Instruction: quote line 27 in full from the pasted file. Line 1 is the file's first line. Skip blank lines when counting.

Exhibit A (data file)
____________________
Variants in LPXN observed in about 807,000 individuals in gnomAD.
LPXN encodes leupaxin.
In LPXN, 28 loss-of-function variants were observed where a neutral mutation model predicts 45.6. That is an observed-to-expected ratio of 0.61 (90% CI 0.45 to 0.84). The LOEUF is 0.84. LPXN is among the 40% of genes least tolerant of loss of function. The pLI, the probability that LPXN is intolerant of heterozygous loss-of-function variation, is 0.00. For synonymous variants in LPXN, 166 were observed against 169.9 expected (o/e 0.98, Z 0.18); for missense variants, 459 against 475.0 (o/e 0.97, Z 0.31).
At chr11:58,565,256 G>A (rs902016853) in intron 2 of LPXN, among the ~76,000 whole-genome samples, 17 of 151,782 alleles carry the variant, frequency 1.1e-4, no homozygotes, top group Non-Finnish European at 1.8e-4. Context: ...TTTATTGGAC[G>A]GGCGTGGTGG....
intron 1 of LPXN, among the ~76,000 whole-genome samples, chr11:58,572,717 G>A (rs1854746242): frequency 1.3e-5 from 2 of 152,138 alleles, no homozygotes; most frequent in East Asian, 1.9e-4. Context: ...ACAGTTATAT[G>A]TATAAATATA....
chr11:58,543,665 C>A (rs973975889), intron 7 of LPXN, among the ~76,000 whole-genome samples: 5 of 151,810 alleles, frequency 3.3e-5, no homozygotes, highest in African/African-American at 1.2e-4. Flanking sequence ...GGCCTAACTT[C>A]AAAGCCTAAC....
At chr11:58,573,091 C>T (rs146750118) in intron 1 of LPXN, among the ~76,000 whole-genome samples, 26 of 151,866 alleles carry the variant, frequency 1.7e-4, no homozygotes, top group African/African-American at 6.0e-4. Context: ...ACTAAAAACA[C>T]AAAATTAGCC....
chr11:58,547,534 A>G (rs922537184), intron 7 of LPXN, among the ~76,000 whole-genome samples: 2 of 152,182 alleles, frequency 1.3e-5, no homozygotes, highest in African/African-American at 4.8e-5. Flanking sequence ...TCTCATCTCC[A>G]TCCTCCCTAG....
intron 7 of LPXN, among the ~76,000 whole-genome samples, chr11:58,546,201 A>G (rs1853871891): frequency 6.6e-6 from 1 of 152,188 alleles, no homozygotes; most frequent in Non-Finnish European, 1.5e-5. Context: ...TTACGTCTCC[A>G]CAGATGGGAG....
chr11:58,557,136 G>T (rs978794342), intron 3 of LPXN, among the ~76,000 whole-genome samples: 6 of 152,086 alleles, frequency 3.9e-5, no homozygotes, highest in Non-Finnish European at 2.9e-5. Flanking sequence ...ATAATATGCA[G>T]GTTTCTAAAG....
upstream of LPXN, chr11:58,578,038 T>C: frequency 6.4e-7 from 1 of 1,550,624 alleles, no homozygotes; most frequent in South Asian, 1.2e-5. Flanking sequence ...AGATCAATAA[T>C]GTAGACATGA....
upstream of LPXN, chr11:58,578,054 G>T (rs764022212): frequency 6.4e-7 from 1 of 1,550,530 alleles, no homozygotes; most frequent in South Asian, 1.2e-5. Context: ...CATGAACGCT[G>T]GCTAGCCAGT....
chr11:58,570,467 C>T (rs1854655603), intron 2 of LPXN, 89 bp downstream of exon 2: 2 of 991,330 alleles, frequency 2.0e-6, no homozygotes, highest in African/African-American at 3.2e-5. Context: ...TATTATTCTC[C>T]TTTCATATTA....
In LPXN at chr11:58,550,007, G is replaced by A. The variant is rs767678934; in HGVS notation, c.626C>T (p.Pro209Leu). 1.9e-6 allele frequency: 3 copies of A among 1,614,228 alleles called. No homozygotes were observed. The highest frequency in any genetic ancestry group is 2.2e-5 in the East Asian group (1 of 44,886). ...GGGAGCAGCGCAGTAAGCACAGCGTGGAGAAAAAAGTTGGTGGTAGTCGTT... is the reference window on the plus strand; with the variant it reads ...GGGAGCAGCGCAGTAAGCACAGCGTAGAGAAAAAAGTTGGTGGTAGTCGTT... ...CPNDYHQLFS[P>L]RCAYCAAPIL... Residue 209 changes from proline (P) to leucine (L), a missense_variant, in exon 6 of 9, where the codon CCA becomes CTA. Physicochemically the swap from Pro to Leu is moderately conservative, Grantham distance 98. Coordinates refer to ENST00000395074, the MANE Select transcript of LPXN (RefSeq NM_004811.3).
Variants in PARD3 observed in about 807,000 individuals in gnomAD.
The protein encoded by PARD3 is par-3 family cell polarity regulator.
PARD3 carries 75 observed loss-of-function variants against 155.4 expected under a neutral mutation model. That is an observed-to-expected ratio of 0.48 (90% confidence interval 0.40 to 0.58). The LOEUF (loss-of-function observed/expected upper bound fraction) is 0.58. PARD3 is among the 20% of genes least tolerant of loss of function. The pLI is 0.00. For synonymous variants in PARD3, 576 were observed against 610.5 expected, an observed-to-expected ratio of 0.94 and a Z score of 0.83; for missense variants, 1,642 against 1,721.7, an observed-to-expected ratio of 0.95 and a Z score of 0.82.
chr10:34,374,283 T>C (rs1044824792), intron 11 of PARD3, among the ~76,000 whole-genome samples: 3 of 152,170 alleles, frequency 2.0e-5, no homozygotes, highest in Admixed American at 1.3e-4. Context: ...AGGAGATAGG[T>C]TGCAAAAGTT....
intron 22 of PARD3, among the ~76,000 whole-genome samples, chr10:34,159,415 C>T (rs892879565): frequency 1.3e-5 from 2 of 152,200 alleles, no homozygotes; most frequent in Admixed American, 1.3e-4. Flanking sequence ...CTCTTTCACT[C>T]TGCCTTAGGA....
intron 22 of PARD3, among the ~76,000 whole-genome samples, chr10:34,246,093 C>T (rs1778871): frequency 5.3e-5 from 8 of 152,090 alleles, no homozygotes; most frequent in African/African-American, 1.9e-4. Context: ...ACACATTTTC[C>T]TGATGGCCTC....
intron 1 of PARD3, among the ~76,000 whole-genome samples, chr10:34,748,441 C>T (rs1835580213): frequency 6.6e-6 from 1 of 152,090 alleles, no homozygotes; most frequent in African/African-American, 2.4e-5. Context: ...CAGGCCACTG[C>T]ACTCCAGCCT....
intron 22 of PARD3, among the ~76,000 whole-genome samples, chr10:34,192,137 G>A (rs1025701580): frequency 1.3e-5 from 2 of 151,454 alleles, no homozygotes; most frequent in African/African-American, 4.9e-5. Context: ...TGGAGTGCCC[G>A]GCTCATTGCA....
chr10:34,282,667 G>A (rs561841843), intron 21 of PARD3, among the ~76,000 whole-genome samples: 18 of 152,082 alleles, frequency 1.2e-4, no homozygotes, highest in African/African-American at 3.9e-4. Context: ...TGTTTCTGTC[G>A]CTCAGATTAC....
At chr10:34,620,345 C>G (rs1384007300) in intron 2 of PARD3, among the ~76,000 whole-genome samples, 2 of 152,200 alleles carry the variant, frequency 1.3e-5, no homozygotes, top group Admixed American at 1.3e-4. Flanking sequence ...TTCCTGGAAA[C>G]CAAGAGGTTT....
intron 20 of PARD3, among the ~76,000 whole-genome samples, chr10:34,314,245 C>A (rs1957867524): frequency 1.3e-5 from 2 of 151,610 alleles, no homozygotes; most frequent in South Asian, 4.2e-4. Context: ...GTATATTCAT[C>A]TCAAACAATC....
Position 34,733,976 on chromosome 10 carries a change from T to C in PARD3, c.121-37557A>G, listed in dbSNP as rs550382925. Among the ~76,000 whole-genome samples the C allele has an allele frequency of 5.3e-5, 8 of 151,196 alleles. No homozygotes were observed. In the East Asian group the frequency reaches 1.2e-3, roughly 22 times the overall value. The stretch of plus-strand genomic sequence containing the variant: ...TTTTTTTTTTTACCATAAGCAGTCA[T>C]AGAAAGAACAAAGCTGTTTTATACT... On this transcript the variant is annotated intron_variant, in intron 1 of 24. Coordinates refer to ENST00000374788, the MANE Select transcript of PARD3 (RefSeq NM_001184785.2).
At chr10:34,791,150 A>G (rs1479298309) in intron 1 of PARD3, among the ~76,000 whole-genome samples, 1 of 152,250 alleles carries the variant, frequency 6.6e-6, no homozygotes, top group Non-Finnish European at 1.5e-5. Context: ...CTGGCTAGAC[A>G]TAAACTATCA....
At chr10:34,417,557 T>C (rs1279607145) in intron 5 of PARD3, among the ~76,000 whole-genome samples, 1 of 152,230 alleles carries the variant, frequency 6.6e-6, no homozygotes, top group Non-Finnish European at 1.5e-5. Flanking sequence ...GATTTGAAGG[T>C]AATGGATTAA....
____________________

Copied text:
At chr10:34,791,150 A>G (rs1479298309) in intron 1 of PARD3, among the ~76,000 whole-genome samples, 1 of 152,250 alleles carries the variant, frequency 6.6e-6, no homozygotes, top group Non-Finnish European at 1.5e-5. Context: ...CTGGCTAGAC[A>G]TAAACTATCA....